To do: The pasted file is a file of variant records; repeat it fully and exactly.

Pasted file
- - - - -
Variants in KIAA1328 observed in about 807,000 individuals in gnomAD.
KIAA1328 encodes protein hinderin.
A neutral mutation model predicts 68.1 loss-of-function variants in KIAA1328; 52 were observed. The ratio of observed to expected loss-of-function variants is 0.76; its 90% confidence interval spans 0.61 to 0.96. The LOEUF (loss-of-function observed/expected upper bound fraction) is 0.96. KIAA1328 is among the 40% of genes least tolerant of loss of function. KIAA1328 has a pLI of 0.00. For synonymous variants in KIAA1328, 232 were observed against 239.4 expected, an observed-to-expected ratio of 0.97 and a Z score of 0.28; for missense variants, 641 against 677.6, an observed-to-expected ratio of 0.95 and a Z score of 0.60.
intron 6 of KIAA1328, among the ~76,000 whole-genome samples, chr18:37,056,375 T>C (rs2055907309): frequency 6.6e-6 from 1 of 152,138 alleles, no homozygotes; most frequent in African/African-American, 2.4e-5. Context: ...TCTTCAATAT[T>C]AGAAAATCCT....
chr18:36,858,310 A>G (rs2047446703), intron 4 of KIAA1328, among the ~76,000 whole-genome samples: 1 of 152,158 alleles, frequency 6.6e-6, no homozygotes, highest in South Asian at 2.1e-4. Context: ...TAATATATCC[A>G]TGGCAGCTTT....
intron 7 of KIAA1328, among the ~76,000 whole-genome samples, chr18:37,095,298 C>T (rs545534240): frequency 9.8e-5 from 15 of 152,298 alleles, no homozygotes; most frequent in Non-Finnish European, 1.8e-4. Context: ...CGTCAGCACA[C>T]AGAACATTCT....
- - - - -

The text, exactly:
Variants in KIAA1328 observed in about 807,000 individuals in gnomAD.
KIAA1328 encodes protein hinderin.
A neutral mutation model predicts 68.1 loss-of-function variants in KIAA1328; 52 were observed. The ratio of observed to expected loss-of-function variants is 0.76; its 90% confidence interval spans 0.61 to 0.96. The LOEUF (loss-of-function observed/expected upper bound fraction) is 0.96. KIAA1328 is among the 40% of genes least tolerant of loss of function. KIAA1328 has a pLI of 0.00. For synonymous variants in KIAA1328, 232 were observed against 239.4 expected, an observed-to-expected ratio of 0.97 and a Z score of 0.28; for missense variants, 641 against 677.6, an observed-to-expected ratio of 0.95 and a Z score of 0.60.
intron 6 of KIAA1328, among the ~76,000 whole-genome samples, chr18:37,056,375 T>C (rs2055907309): frequency 6.6e-6 from 1 of 152,138 alleles, no homozygotes; most frequent in African/African-American, 2.4e-5. Context: ...TCTTCAATAT[T>C]AGAAAATCCT....
chr18:36,858,310 A>G (rs2047446703), intron 4 of KIAA1328, among the ~76,000 whole-genome samples: 1 of 152,158 alleles, frequency 6.6e-6, no homozygotes, highest in South Asian at 2.1e-4. Context: ...TAATATATCC[A>G]TGGCAGCTTT....
intron 7 of KIAA1328, among the ~76,000 whole-genome samples, chr18:37,095,298 C>T (rs545534240): frequency 9.8e-5 from 15 of 152,298 alleles, no homozygotes; most frequent in Non-Finnish European, 1.8e-4. Context: ...CGTCAGCACA[C>T]AGAACATTCT....